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 Issues | Church History | F. J. Chavasse


Great Churchmen No. 24

F. J. Chavasse (1846-1928)

by H. Gresford Jones, D.D.

Second Bishop of Liverpool

Published by Church Book Room Press

The Shepherd of the Flock - Bishop of Liverpool, 1900-1923  

The episcopate of Francis James Chavasse was God’s crowning gift to Liverpool after a century of remarkable progress both civil and religious. Has any city, we may well ask, ever been so blest, as Liverpool then was, in public men of the very finest quality? He would, indeed, be presumptuous who essayed even a modest category of our benefactors. Yet certain trusted names seem immediately to emerge. Giving a prominent place as we needs must to the house of Stanley, for centuries intertwined with our history and never more than in the last, one sees illuminated on our list such honoured names as those of Gladstone and Canning, Huskisson, Roscoe, Cropper and Rathbone, Balfour and Brancker, Forwood, Russell and Earle, Guthrie and Rankin, Holt and Booth, to name but a few. Into our minds with equal homage come those who stood out in their midst as true prophets of God: men like Hugh McNeile, William Lefroy, J. S. Howson, W. M. Falloon, Edward Birrell, Hugh Stowell Brown, James Nugent, John Watson, J. W. Diggle. Nor can we forget among the high points of religious influence during the nineteenth century, the advent to Liverpool in 1874 of Dwight L. Moody; for it was the seed sown in his remarkable mission that was to produce a harvest of telling influence in the years ahead.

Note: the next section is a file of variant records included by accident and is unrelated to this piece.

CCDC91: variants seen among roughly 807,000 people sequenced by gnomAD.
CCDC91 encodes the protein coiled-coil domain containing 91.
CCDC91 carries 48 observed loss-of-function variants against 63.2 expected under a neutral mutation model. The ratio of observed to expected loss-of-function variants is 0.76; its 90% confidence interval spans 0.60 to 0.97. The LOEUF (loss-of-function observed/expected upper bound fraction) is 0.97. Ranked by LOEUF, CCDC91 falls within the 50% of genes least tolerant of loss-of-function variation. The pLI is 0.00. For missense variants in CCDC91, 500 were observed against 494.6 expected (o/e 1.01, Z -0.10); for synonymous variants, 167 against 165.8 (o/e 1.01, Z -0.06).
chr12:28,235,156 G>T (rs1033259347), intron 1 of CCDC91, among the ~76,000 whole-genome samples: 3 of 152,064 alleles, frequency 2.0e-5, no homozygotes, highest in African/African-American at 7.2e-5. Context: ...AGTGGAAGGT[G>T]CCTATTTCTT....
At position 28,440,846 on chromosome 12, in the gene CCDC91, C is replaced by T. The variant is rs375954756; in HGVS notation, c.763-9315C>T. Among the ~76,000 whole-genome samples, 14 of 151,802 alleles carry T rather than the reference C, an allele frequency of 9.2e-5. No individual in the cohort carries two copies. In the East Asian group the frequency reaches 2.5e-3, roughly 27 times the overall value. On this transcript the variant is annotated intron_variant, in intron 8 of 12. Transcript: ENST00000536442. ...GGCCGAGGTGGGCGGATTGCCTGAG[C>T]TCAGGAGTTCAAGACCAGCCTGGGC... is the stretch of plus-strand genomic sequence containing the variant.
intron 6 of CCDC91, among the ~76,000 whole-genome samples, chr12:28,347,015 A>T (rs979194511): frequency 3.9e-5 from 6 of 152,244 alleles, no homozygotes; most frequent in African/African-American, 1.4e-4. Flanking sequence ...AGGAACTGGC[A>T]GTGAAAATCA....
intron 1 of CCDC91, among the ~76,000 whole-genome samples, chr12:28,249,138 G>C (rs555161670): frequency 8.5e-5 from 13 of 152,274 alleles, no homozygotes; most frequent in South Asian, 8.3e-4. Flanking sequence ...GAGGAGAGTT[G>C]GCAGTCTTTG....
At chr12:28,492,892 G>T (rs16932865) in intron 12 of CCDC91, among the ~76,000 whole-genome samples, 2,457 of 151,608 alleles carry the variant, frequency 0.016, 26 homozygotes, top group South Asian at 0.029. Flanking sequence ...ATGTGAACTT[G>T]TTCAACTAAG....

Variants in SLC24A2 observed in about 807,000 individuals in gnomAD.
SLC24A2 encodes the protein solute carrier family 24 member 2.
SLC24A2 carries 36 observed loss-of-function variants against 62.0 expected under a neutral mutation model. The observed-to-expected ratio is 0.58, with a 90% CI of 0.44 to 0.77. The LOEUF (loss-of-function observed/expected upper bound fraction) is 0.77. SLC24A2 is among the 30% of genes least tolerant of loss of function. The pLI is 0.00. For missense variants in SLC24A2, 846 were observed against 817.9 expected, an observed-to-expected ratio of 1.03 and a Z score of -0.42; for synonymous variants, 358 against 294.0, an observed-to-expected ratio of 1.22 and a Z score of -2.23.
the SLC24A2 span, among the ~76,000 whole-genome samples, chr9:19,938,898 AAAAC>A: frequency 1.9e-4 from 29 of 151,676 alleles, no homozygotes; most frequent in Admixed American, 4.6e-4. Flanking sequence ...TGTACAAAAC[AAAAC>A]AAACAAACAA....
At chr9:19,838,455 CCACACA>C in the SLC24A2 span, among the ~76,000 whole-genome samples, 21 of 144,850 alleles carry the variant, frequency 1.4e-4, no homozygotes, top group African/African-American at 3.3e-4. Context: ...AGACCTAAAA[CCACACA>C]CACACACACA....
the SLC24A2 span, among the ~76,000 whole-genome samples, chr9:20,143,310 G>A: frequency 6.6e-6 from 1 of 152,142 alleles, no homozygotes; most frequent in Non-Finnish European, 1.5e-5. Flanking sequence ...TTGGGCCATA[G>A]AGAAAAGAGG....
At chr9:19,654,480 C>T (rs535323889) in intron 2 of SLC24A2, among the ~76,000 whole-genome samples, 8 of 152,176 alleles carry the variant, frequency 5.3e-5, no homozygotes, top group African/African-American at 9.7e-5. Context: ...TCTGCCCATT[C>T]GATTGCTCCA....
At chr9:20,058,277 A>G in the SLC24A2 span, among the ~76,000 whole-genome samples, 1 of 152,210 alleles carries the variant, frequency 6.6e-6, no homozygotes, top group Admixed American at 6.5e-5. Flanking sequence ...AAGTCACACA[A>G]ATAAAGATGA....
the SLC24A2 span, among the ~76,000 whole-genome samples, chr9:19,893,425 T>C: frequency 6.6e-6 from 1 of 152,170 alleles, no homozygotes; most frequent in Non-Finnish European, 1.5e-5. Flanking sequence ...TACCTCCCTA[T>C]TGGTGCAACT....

Upon soil so well prepared, our first Bishop, John Charles Ryle, came to plant, and after him Francis James Chavasse to water. Ryle, so ably portrayed in an earlier number of this series, six foot two in height, captain successively in his earlier years of both the Eton and the Oxford cricket eleven; destined to become a massive pillar in the Church of God: and after him Chavasse, small of stature, to reign for twenty-three years with that same blend of gentleness and strength that had marked his days at Wycliffe Hall.